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Thread: Block Feeding Questions

  1. #11
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    Default Re: Block Feeding Questions

    I hope it does.

    I just want to add something which your doc may be unaware of: oversupply and foremilk/hindmilk issues can ALSO cause mucusy and bloody poops. It's the excess of lactose in the baby's diet which is to blame; it can cause intestinal irritation which can result in mucus and bleeding. There are so many moms who are sent on wild goose chases, searching for that one allergen that they are ingesting which must be the cause of their babies' weird poops, eliminating one thing and then another and another and another... Pretty soon they're down to a diet of rice and water. If you eliminate dairy and soy and still don't see a change, it might be time to revisit the oversupply possibility.

    Whatever the answer is, please don't let green and bloody poops freak you out too much. They look alarming but if the baby is otherwise happy, healthy, and growing, you can treat them as a normal variation. My own feeling- and I dealt with this issue with my second child- is that it's worth giving a dropper of baby vitamins. I felt that if the baby's losing blood through her intestines, it makes sense to shore up her iron.
    Coolest thing my big girl said recently: "How can you tell the world is moving when you are standing on it?"
    Coolest thing my little girl sang recently: "I love dat one-two pupples!"

  2. #12
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    Jan 2013
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    Default Re: Block Feeding Questions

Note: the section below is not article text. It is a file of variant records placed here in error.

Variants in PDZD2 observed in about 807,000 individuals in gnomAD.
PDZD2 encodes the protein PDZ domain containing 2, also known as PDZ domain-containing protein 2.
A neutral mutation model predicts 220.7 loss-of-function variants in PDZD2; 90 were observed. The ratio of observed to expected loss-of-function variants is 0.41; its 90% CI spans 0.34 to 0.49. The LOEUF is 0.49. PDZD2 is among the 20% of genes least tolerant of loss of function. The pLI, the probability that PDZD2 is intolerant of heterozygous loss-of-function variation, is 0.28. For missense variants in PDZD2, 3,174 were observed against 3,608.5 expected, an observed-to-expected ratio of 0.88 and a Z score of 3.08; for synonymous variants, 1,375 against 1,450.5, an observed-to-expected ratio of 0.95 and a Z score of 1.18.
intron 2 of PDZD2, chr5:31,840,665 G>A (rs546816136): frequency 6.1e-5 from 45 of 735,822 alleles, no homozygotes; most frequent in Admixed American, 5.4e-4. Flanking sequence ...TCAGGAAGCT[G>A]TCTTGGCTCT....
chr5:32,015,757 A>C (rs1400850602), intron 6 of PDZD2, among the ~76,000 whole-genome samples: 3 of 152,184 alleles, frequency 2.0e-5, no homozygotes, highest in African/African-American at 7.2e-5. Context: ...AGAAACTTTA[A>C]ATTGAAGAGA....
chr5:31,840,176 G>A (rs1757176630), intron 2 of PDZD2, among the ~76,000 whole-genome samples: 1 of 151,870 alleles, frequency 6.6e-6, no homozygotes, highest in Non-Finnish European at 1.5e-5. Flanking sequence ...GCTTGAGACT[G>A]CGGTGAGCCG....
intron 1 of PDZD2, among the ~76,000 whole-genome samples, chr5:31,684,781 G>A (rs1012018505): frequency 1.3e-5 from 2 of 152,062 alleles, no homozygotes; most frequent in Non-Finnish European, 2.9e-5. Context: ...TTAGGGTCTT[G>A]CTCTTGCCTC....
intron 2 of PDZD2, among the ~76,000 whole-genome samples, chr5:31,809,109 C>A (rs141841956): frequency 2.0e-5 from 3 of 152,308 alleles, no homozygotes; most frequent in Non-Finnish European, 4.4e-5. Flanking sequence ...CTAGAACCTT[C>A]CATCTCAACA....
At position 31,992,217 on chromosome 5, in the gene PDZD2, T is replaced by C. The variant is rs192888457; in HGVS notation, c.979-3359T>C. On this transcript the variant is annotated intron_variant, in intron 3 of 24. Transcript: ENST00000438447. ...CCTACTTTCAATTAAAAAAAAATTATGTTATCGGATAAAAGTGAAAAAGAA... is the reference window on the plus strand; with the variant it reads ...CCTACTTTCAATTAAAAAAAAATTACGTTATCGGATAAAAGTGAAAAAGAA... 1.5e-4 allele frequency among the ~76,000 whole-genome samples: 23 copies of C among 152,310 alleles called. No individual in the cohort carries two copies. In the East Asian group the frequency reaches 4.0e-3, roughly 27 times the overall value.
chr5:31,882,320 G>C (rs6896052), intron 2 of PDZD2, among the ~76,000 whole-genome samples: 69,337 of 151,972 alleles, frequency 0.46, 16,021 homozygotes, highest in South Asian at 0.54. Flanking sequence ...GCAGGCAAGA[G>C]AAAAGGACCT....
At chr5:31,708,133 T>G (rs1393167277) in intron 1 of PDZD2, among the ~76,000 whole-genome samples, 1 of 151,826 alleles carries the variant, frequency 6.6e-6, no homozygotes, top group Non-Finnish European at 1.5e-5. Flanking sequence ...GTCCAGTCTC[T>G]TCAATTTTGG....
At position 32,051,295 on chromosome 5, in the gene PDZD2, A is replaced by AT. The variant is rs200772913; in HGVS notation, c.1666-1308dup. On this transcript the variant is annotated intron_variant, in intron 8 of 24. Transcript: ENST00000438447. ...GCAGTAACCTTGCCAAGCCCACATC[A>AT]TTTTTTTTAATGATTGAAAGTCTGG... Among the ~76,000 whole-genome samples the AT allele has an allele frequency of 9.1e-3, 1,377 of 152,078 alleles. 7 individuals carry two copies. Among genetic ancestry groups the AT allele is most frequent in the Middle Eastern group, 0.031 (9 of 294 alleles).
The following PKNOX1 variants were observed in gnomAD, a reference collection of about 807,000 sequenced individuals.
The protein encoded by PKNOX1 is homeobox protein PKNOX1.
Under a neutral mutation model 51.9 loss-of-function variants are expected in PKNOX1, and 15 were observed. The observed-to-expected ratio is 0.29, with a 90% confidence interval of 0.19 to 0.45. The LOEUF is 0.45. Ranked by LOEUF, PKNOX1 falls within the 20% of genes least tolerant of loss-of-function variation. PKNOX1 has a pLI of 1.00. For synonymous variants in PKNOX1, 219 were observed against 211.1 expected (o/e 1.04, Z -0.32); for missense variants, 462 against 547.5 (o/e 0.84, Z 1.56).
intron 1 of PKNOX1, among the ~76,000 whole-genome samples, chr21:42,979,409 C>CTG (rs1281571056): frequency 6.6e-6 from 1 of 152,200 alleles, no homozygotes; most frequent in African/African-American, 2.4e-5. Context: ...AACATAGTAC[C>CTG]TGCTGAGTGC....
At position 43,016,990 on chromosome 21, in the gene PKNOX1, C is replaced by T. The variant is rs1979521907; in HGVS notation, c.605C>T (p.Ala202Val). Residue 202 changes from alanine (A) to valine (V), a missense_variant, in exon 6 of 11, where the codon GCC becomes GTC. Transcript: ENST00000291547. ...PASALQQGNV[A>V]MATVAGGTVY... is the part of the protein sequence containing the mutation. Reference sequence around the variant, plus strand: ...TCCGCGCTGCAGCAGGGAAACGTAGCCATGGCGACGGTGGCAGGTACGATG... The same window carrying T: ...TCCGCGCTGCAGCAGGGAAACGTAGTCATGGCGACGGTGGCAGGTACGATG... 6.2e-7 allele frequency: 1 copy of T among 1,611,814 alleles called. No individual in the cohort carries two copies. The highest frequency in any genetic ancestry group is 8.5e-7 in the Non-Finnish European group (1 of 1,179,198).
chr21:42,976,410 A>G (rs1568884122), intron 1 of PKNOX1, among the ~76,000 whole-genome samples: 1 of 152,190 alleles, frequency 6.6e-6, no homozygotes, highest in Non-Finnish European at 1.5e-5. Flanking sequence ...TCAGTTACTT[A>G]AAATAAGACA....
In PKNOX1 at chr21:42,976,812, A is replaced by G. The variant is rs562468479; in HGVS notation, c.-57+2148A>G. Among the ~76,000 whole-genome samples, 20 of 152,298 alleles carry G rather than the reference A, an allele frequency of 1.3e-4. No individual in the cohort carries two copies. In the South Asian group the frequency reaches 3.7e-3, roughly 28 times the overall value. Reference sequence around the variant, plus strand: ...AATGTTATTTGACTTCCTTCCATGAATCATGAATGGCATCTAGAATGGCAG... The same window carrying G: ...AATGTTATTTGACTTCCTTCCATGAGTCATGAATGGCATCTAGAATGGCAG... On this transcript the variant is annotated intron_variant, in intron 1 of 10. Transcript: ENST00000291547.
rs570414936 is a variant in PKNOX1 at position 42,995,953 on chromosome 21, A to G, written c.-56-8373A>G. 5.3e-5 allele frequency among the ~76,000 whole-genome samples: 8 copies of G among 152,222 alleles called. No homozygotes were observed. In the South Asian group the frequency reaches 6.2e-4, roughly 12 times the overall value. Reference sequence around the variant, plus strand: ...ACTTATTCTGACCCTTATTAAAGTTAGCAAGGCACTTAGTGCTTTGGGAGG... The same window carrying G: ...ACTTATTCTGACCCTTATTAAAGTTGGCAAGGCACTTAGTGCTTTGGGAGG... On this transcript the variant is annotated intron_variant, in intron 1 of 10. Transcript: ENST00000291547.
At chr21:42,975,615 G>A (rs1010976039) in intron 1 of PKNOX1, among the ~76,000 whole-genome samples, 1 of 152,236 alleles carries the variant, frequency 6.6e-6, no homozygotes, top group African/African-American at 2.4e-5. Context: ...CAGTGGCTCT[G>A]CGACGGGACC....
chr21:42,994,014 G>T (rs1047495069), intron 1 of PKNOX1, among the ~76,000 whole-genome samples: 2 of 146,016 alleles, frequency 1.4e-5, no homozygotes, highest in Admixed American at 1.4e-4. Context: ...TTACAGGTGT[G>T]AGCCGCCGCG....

Thanks for the info! I'm going to try this non-dairy/non-soy diet for two weeks and then check back in with the doctor if nothing has changed. In the meantime, I'm not sure if I should continue block feeding also. Thoughts?

  3. #13
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    Default Re: Block Feeding Questions

    Tough to say! I mean, the LC says it's oversupply, so who am I to contradict her? She saw you in person, I didn't. I guess I'd vote to block feed, but to do so with caution. If the baby's diaper output drops or you suddenly feel empty all the time, I'd go back to double-sided feedings. Block feeding is an art, not a science, and you sort of need to go by feel. A lot of moms need to block feed for only part of the day, since supply tends to fluctuate over the course of a 24 hour period.

    One thing that sort of complicates the picture is that if you block feed at the same time you go on a dairy/soy elimination diet, and baby's poops go back to normal, then you don't really know what was responsible for the change, YKWIM?
    Coolest thing my big girl said recently: "How can you tell the world is moving when you are standing on it?"